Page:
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Sustainable Water Harvesting Projects for Livestock Water in South Sudan

Sustainable Water Harvesting Projects for Livestock Water in South Sudan
May 2015

Water harvesting (WH) projects do not depend on good engineering and technology alone. Environmental impacts and socioeconomic considerations are equally important, and need to be addressed through the entire process of development nterventions. An environmental evaluation of a widespread WH pond construction program in Ethiopia, for instance, found that little attention was paid to the environmental consequences. As a result, the construction of ponds in susceptible areas increased incidences of malaria (Landell Mills 2004).

Likewise, socioeconomic issues need attention when introducing any WH system into a community. For example, people in drier environments have developed their own priorities for sustaining their livelihoods through centuries of surviving under the harsh environmental conditions. It would be important therefore to take adequate consideration of their values, perceptions, attitudes, and preferences rather than trying to impose prescribed solutions on them.

These guidelines build on experience and techniques from across the Sub-Saharan region and are an extension of the first stage of this project, as reported in the 2014 Preliminary Environmental and Socioeconomic Assessment (PESEA) of Selected Water Harvesting Structures in South Sudan, a joint initiative of the Food and Agriculture Organization of the United Nations (FAO) and the United Nations Environment Programme (UNEP). Providing WH structures (for example, hafirs, artificial ponds to store rainwater) can improve the livelihoods of pastoral communities that face the challenges of a marginal environment with highly variable rainfall. However, appropriate socioeconomic and environmental considerations are needed in their planning, construction, and operational phases in order to avoid undesirable consequences that may undermine social stability or environmental sustainability.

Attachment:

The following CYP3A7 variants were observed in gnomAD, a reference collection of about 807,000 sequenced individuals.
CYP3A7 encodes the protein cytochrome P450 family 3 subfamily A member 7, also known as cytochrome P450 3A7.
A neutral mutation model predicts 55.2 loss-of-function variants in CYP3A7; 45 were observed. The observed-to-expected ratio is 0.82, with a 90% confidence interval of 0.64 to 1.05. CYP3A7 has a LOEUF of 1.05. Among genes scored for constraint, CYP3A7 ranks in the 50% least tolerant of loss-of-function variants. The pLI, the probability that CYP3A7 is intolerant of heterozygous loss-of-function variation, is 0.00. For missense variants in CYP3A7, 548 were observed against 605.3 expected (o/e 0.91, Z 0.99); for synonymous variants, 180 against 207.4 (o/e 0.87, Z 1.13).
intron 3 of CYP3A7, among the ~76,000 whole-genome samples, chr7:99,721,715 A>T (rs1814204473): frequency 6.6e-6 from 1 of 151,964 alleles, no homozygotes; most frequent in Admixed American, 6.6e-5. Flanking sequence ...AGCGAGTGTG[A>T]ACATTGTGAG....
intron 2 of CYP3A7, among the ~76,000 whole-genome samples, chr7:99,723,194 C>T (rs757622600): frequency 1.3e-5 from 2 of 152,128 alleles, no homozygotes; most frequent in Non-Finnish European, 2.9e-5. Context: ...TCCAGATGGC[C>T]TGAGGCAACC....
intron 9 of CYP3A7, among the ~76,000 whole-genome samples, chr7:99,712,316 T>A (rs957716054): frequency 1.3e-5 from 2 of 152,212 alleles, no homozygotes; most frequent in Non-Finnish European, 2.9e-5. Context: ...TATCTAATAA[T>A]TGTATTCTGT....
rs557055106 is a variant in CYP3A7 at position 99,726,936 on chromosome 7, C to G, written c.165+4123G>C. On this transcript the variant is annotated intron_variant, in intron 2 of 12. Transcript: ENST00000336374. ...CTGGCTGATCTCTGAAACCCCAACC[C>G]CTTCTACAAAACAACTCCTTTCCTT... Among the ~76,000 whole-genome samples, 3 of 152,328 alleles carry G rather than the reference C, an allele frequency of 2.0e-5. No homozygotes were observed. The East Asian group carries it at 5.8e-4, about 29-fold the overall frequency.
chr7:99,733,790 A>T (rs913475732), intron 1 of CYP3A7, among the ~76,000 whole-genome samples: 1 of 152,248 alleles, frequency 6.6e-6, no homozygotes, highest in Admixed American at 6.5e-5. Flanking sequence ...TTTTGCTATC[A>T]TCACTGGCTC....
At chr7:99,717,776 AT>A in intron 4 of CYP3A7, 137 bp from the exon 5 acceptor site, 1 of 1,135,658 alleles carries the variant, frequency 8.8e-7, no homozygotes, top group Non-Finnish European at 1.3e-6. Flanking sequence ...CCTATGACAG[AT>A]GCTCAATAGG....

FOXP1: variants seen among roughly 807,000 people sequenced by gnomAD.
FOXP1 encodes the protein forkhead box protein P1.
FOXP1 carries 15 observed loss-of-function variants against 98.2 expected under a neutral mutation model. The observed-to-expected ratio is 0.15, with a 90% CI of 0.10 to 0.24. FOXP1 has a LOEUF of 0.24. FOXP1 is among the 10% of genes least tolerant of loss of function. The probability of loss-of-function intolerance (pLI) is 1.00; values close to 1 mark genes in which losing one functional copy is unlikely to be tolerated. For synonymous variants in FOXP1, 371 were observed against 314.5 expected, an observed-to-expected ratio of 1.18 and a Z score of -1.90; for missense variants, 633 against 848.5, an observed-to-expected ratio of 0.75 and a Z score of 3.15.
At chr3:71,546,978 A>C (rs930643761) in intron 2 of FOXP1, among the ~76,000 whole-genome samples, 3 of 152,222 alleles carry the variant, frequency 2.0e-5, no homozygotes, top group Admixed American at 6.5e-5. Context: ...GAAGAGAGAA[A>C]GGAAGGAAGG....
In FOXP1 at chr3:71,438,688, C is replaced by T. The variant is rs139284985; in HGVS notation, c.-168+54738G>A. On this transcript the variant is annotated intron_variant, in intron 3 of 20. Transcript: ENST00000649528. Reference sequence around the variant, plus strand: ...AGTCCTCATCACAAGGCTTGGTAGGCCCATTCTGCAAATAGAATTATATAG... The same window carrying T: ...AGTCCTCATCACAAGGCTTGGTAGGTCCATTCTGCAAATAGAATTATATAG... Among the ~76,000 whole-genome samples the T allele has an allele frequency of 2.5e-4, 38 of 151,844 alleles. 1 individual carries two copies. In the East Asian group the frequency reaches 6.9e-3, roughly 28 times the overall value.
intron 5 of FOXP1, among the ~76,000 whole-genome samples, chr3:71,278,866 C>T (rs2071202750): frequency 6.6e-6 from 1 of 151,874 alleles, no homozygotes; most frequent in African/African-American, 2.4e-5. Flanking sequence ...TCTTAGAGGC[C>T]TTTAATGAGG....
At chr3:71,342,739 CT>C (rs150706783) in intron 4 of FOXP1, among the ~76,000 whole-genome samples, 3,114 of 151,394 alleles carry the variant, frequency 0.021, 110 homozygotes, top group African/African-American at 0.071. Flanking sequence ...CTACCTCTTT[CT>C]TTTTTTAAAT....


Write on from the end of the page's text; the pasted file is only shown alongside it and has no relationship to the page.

These guidelines provide the essential environmental and socioeconomic assessment tools that planners and practitioners need to identify and integrate environmental and socioeconomic considerations into their development plans and implementation of WH projects. The latter might include a diversity of WH systems such as hafirs, other types of excavated ponds, or earthen microdams for livestock watering and other purposes. In short, users of these guidelines will be able to:

  • Identify the most important environmental and socioeconomic aspects that need consideration in the planning and implementation of WH systems;
  •  Articulate general and specific constraints resulting from inadequate consideration of environmental and socioeconomic factors;
  • Augment their existing conceptual knowledge and practical skills in environmental and socioeconomic dimensions to effectively facilitate participatory planning and implementation of WH systems in a manner that ensures sustainable development (i.e., socially acceptable, environmentally sound, and economically viable and equitable).

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